||• Spicy food (cayenne, ginger, pepper)
• Acidic foods (pickles, citrus, tomatoes)
• Hot drinks
• Caffeine (coffee, black tea, cola, chocolate)
• Alcoholic drinks, including wine and beer
• White sugar
• Hydrogenated or saturated fats (meat, margarine)
• Hot weather
• Hot tubs and saunas
• Tobacco or marijuana
• Intense exercise, especially lovemaking
• Anger, especially if you can’t express it
During a hot flash, flushes of heat sweep the body (and often the face), reddening the skin and promoting free perspiration. The reddening may be blotchy or even and the perspiration slight or copious. A hot flash may last from a few seconds to four or five minutes, occasionally fifteen minutes, and rarely more than an hour.31
If you begin to experience hot flashes, dizziness, heart palpitations, emotional uproar, sleep disturbances, night sweats, depression and/or headaches you may slip from feeling “in control” to the sense that things are beyond your control. The idea of controlling these unwelcome symptoms with drugs becomes very attractive, as we are conditioned to believe that menopausal changes are in some way considered an illness. It is possible to influence these changes more effectively with herbal alternatives that carry with them few, if any, side effects when considered carefully.31
A hot flash at night is called a night sweat, which may be accompanied by feelings of anxiety or terror. A solution may be to keep a glass of water and a bottle of motherwort beside you at night, and take 10-15 drops and a swallow of water if a night sweat awakens you. Not everyone experiences hot flashes, and only some of those who do also experience night sweats. Many women, however, experience both.31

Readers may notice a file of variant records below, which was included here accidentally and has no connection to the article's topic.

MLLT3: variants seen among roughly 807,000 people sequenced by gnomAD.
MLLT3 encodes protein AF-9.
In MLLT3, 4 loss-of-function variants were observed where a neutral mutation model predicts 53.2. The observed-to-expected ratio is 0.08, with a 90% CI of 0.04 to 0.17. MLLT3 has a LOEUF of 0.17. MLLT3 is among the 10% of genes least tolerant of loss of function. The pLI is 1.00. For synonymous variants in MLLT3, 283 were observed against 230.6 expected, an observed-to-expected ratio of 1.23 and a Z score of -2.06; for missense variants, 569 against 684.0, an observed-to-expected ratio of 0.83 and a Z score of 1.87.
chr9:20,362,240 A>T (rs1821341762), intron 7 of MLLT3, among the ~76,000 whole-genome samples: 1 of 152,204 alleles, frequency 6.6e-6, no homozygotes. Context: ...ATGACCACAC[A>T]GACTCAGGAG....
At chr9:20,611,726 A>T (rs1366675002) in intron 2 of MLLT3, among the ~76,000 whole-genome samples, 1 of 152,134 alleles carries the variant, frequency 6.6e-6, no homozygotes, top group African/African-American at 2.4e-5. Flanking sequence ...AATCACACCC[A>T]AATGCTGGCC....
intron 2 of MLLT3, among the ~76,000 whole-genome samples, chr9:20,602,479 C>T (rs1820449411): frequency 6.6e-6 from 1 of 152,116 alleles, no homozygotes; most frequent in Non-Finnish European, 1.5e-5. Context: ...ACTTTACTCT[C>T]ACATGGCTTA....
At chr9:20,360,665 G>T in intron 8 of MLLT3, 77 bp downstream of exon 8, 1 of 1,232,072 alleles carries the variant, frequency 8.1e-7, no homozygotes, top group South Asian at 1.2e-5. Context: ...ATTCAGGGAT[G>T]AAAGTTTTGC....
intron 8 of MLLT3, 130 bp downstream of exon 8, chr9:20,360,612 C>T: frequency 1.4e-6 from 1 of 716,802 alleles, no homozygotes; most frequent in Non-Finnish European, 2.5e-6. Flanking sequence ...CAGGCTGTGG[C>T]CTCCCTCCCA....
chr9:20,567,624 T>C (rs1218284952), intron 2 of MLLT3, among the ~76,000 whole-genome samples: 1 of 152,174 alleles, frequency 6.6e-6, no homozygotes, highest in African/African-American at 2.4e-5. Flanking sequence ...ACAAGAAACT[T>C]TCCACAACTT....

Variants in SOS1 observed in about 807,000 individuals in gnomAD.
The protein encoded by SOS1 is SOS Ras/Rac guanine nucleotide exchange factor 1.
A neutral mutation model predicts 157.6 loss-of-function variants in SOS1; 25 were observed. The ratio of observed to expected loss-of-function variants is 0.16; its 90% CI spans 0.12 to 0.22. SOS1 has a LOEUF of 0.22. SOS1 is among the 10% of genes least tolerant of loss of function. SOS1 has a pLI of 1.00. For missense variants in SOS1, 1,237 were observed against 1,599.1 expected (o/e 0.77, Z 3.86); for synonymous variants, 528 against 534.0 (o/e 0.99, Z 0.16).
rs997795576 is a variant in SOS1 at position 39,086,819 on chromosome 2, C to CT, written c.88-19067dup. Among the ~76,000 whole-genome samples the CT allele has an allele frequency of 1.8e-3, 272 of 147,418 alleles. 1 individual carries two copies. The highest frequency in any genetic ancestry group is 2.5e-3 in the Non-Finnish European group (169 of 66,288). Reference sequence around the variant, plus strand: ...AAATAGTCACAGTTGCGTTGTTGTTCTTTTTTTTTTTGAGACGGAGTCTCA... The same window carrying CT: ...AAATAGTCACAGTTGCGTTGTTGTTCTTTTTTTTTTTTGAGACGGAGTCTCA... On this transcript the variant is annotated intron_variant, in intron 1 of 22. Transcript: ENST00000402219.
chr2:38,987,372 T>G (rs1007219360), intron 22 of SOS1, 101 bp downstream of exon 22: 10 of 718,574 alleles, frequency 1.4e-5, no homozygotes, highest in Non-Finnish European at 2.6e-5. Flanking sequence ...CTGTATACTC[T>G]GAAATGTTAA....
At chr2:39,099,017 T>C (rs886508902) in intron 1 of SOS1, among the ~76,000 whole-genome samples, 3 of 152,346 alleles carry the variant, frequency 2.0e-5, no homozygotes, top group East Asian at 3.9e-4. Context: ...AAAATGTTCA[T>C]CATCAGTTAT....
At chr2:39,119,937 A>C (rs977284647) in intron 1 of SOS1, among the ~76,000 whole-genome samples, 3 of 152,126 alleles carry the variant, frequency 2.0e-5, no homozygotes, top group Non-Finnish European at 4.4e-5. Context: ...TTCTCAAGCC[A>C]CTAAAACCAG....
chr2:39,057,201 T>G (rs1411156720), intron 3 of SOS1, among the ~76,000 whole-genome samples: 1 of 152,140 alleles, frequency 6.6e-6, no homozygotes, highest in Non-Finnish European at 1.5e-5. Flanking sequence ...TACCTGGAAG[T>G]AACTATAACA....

Exercise directly decreases hot flashes by decreasing the amount of circulating LH and FSH, by nourishing and tonifying the hypothalamus, and by raising endorphin levels (which plummet with hot flashing). As little as 20 minutes three times a week may reduce flashes significantly.31 Other natural measures that address underlying reasons for hot flashes include diet, nutritional supplementation and plant-based medicines.
HOT FLASHES: HERBAL AIDS
Herbal remedies for women with hot flashes include
- plants that cool the system, such as chickweed, elder and violet;
- plants that nourish or increase oxygen utilization in the liver, such as dong quai, dandelion, Ho Shou Wu (polygonum multiflorum) and yellow dock; and